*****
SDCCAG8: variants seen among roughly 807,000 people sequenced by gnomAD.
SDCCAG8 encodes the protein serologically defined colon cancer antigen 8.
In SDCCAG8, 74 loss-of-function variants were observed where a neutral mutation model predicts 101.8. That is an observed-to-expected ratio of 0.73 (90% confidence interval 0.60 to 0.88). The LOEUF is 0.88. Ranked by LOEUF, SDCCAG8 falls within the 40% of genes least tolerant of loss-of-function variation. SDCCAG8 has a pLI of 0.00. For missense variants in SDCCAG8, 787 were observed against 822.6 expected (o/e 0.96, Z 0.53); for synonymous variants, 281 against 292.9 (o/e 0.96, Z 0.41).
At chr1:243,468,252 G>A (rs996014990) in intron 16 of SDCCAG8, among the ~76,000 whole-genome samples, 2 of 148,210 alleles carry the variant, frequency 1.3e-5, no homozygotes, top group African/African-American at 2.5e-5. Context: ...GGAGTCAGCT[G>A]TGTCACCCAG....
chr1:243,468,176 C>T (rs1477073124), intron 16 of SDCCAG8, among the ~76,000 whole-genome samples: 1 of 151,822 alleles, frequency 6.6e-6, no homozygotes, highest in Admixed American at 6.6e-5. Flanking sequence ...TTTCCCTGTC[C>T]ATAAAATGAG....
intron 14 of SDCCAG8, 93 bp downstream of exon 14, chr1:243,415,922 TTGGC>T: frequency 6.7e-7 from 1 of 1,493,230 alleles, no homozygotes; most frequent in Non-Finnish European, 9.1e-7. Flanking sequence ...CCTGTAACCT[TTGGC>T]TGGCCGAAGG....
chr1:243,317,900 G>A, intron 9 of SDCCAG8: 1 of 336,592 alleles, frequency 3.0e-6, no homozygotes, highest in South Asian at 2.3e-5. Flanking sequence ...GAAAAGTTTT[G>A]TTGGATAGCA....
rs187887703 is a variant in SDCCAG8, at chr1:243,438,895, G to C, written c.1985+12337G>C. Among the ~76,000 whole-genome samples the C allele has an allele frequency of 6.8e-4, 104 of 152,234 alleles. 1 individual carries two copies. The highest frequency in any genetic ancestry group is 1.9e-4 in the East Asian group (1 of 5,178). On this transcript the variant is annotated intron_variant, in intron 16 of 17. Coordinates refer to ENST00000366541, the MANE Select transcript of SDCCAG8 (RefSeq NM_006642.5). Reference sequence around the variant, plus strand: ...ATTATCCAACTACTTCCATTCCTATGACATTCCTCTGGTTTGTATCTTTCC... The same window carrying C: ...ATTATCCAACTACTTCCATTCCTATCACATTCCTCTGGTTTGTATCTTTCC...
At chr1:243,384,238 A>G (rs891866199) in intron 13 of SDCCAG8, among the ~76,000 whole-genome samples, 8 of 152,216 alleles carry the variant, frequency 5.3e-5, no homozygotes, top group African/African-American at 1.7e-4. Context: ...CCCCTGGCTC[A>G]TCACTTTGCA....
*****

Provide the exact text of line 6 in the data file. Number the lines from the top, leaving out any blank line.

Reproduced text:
intron 14 of SDCCAG8, 93 bp downstream of exon 14, chr1:243,415,922 TTGGC>T: frequency 6.7e-7 from 1 of 1,493,230 alleles, no homozygotes; most frequent in Non-Finnish European, 9.1e-7. Flanking sequence ...CCTGTAACCT[TTGGC>T]TGGCCGAAGG....